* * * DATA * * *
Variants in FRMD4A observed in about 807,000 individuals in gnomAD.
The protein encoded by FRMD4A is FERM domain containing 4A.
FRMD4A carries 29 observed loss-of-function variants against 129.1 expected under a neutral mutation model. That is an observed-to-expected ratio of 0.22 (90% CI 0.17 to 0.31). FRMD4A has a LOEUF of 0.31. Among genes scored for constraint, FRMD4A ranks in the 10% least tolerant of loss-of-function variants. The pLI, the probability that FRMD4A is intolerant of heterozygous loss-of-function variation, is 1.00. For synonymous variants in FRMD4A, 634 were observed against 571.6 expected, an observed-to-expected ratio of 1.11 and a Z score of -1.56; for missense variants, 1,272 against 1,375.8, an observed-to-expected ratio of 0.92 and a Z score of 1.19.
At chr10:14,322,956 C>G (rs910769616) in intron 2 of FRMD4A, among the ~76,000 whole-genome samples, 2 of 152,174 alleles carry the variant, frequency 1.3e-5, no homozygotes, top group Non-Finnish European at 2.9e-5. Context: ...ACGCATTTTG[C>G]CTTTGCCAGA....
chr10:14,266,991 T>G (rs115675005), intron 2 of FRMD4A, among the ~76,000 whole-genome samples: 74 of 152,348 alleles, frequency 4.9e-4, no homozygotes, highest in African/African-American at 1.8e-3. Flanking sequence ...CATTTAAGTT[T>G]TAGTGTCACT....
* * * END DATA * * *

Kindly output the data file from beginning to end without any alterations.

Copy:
Variants in FRMD4A observed in about 807,000 individuals in gnomAD.
The protein encoded by FRMD4A is FERM domain containing 4A.
FRMD4A carries 29 observed loss-of-function variants against 129.1 expected under a neutral mutation model. That is an observed-to-expected ratio of 0.22 (90% CI 0.17 to 0.31). FRMD4A has a LOEUF of 0.31. Among genes scored for constraint, FRMD4A ranks in the 10% least tolerant of loss-of-function variants. The pLI, the probability that FRMD4A is intolerant of heterozygous loss-of-function variation, is 1.00. For synonymous variants in FRMD4A, 634 were observed against 571.6 expected, an observed-to-expected ratio of 1.11 and a Z score of -1.56; for missense variants, 1,272 against 1,375.8, an observed-to-expected ratio of 0.92 and a Z score of 1.19.
At chr10:14,322,956 C>G (rs910769616) in intron 2 of FRMD4A, among the ~76,000 whole-genome samples, 2 of 152,174 alleles carry the variant, frequency 1.3e-5, no homozygotes, top group Non-Finnish European at 2.9e-5. Context: ...ACGCATTTTG[C>G]CTTTGCCAGA....
chr10:14,266,991 T>G (rs115675005), intron 2 of FRMD4A, among the ~76,000 whole-genome samples: 74 of 152,348 alleles, frequency 4.9e-4, no homozygotes, highest in African/African-American at 1.8e-3. Flanking sequence ...CATTTAAGTT[T>G]TAGTGTCACT....